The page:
Your living will should be shared with your healthcare providers and healthcare proxy. Take a copy of it with you whenever you travel or go to a medical facility, such as a hospital.
Your living will can be changed by you at any time. If you make changes to your living will, it’s important to provide new copies to your healthcare proxy, medical team, and family.
An advance directive is not the same as a living will, but it does include your living will.
An advance directive is a legal document with two parts. It contains:
- your living will
- your healthcare power of attorney (more on that, below)
Like living wills, advance directives don’t include information about finances, property distribution, conservatorship of children, and other nonmedical matters.
Your attorney can help you draft an advance directive. You can also access advance directive forms online through your state’s official agencies, many hospitals, and most hospice facilities.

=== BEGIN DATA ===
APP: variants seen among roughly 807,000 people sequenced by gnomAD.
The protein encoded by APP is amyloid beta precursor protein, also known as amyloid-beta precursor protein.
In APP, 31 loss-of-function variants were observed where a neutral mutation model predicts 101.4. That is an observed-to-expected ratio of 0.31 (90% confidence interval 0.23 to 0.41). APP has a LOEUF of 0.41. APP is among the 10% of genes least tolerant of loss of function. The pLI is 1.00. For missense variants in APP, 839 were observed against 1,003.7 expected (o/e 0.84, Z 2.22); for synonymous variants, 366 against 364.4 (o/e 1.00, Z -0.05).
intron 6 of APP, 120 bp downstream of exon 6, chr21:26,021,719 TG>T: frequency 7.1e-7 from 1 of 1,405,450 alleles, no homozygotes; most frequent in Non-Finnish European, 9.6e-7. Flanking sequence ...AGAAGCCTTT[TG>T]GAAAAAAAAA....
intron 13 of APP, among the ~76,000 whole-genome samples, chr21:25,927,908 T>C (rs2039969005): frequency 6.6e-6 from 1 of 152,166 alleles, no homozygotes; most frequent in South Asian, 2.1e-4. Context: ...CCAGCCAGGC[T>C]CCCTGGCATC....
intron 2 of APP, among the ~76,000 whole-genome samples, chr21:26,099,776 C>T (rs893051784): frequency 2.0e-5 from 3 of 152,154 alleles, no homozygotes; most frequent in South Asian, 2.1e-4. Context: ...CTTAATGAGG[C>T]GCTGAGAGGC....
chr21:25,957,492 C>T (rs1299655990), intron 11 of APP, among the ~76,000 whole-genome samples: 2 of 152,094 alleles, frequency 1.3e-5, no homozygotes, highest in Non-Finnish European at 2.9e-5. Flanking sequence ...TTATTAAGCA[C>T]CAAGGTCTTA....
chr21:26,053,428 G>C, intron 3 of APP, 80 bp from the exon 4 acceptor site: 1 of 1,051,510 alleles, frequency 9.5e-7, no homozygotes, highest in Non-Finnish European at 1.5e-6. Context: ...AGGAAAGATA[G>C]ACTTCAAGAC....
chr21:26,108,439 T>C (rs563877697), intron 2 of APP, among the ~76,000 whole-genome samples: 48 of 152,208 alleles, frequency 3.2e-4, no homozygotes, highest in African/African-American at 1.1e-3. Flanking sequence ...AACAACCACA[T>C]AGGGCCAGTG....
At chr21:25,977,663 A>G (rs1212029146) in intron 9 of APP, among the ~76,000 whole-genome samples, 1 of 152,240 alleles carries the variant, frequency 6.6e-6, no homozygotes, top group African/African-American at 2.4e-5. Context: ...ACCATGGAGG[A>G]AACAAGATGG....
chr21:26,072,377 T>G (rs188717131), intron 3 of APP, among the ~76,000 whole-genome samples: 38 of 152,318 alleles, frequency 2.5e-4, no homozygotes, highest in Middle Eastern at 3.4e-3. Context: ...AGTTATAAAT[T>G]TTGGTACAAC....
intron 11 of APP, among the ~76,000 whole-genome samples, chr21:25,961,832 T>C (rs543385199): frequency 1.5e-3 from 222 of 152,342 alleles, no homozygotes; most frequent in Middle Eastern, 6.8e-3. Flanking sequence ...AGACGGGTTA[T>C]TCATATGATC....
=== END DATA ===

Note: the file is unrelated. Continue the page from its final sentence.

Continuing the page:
A healthcare power of attorney is a document that identifies the person you choose to make healthcare decisions on your behalf. This document is also referred to as a durable medical power of attorney. The person you name in the document is referred to as your healthcare proxy, healthcare agent, or healthcare surrogate.
Unlike a living will, a healthcare power of attorney document does not contain instructions for end-of-life care or the use of healthcare procedures. Rather, it grants legal permission to the person of your choice to make those decisions for you.
Healthcare power of attorney documents are used in conjunction with living wills, but they do not take the place of living wills. Some states combine both documents into an advance directive.